Medieval English Gardens

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Viking Press, 1981 - Technology & Engineering - 298 pages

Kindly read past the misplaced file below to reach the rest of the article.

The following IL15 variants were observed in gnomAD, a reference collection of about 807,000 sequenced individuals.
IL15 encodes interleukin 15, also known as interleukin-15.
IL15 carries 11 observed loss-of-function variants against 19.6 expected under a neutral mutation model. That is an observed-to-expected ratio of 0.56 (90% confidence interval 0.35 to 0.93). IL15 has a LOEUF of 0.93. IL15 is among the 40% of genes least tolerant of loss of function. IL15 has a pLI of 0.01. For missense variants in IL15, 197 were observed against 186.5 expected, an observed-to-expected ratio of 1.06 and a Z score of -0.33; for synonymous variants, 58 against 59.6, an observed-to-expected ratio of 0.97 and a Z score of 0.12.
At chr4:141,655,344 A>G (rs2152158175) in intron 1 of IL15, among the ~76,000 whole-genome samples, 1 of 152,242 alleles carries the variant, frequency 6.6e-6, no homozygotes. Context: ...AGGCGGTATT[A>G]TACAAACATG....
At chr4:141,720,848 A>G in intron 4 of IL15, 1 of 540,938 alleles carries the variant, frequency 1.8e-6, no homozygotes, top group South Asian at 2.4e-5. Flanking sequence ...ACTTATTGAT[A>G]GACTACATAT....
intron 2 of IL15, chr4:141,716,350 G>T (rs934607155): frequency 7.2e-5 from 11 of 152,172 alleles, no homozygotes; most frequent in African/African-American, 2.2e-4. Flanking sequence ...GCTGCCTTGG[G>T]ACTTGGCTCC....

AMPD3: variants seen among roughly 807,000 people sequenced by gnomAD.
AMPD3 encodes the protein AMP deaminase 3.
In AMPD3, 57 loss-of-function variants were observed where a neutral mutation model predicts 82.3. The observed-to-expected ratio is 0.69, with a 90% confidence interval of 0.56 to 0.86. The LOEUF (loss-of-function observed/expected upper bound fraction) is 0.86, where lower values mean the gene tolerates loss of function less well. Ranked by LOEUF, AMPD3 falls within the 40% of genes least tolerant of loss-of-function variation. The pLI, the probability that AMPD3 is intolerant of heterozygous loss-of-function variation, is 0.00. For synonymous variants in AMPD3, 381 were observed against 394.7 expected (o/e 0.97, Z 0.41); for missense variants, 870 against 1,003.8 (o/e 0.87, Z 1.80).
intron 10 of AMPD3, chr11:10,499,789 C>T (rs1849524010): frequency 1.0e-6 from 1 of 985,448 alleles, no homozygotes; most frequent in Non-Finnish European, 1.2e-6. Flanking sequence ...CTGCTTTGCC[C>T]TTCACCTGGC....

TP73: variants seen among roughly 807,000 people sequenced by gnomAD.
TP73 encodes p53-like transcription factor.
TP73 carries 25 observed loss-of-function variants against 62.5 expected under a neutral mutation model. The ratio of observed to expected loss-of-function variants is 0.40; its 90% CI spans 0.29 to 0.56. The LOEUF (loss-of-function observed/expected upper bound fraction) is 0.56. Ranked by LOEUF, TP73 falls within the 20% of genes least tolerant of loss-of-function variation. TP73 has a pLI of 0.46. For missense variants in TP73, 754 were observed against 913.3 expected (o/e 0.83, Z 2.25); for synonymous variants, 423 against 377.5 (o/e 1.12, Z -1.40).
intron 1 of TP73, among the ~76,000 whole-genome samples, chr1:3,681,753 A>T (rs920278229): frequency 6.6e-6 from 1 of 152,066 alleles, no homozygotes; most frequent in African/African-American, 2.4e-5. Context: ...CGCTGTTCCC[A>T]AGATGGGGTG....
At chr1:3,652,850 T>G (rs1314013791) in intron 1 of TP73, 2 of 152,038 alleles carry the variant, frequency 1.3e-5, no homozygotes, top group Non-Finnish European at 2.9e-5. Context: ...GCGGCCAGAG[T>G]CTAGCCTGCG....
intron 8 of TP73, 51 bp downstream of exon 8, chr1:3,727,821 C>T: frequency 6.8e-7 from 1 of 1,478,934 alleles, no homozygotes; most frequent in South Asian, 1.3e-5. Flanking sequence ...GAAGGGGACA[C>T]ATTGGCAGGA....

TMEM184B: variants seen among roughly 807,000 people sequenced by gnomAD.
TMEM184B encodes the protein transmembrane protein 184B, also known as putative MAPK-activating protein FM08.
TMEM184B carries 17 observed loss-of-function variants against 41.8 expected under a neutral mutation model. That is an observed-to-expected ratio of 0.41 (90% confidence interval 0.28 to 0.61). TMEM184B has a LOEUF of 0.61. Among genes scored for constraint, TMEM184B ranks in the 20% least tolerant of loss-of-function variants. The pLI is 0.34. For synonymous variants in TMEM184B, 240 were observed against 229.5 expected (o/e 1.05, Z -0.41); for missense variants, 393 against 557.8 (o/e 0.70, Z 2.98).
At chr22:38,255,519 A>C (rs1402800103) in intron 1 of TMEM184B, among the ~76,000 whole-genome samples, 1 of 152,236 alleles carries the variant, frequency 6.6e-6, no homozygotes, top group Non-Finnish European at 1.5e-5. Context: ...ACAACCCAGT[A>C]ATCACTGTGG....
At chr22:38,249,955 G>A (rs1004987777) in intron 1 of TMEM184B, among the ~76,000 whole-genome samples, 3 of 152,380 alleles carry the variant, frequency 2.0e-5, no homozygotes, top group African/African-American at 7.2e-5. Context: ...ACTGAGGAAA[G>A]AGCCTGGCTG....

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English gardens in the Middle Ages are one of the most neglected aspects of our heritage. Yet gardening was already old in England when the Normans came, and almost every dwelling in town and country, from castle to cottage, abbey to humble hermitage, had an enclosed plot which few herbs for flavour, healing and strewing, flowers for garnishing, vegetables for the pot. These gardens are among the most varied, colourful, fragrant and neglected delights of English history. They are overdue for redemption from the obscurity into which the better-documented, still-surviving gardens of later centuries have plunged them. That happy task has now been undertaken by Teresa McLean, a young historian whose immense research is gracefully presented in this book, the first on the subject for over fifty years. She has devotedly tracked down the fragmentary records tucked away in account rolls, charters and surveys, and her book contains a vast amount of hiterhto inaccessible information on gardens and what grew in them in the period between the Norman Conquest and the Renaissance. It is a book for the horticulturist and the historian, but it is no dry, specialist work. Rather it is a book for those who like gardening and are homesick for the pre-industrial world of harvesting, gardening Christendom. It is about a world which has long since vanished, but is still there for anyone with a willing imagination to recreate. -- Book Jacket.

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